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Pakistan's answer to electricity shortages: Don't wear socks

Published: 21st May 2013 10:17 AM  |   Last Updated: 22nd May 2013 09:02 AM   |  A+A-

Civil servants across the country have been sent a memo detailing the new dress code, which came into force last week. Sandals and moccasins are now to be worn by all staff, but without socks.

"There shall be no more use of air-conditioners in public offices till such time that substantial improvement in the energy situation takes place," a cabinet directive said.

"The dress code includes white or light coloured shirt (full-sleeved or half sleeved) with light coloured trouser or shalwar kameez with waist coat, and moccasins (shoes without laces) or sandals (shoes with straps) without socks.

"All public servants have been given seven days for preparations and have been directed to observe the dress code."

The unusual step is a sign of Pakistan's increasingly desperate attempts to save electricity, as shortages continue to plunge much of the country into darkness.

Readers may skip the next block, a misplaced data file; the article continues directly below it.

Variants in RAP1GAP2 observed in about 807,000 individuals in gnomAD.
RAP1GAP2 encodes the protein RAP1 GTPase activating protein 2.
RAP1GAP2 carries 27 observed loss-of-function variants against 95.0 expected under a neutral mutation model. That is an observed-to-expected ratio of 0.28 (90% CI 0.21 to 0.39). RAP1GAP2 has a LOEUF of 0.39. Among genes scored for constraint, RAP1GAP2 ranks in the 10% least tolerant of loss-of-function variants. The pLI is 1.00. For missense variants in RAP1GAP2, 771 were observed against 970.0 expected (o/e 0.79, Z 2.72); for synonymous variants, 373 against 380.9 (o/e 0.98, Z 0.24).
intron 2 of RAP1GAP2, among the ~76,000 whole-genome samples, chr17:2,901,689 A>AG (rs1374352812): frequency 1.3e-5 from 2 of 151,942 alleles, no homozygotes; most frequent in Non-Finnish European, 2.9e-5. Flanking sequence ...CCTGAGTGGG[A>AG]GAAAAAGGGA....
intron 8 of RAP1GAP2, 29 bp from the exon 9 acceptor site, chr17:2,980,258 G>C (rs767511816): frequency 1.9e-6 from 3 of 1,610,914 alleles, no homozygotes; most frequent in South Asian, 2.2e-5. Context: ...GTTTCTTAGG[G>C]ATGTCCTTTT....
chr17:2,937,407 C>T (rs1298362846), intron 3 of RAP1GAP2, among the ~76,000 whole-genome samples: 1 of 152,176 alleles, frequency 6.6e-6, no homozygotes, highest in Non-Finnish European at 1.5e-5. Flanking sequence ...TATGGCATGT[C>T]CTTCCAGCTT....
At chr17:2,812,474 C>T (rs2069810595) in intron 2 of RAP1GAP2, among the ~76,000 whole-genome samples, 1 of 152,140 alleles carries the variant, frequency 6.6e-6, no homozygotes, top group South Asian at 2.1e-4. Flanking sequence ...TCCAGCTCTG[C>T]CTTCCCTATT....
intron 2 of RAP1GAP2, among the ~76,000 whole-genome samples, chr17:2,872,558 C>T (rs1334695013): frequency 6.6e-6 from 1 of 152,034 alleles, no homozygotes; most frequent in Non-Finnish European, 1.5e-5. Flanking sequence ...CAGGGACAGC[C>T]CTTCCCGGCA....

Electricity companies are only producing two thirds of Pakistan's required electricity – a result of outdated power generation plants being unable to cope, combined with the government being unable to pay electricity companies for the power they do produce.

Much of the plants were built in the 1960s and are creaking under the strain, while a drought is further hampering power generation.

Musadik Malik, the caretaker minister for water and power until the new government is inaugurated, has also logged a complaint against non-cooperation from ministries of petroleum and finance, who Pakistan Today said are reluctant in making payments.

Power outages lasting as long as 20 hours were recorded in Faisalabad and Gujranwala, while the capital Islamabad has also been hit.

In Peshawar, electricity "load shedding" – black outs – went up to 14 hours, and in the north western tribal areas bordering Afghanistan the situation was worse, with electricity available for only five to six hours per day.

In Punjab, power outage has almost destroyed industry. In Lahore, the country's second largest city, power was cut off for 12 to 14 hours daily, leaving the residents to swelter in 40C heat.

Mr Malik, the minister for water and power, and Sohail Wajahat Siddiqui, minister for petroleum and natural resources, together "expressed their inability to overcome the crisis", the Daily Times said they told a news conference in Lahore, where the temperature was 40C on Monday.

"They have termed financial constraints as a major, and incompetence as a minor, hurdle in resolving the issue," the newspaper said.

"Presenting the realistic picture, the ministers announced that they were going to increase the price of electricity and gas for all sectors."

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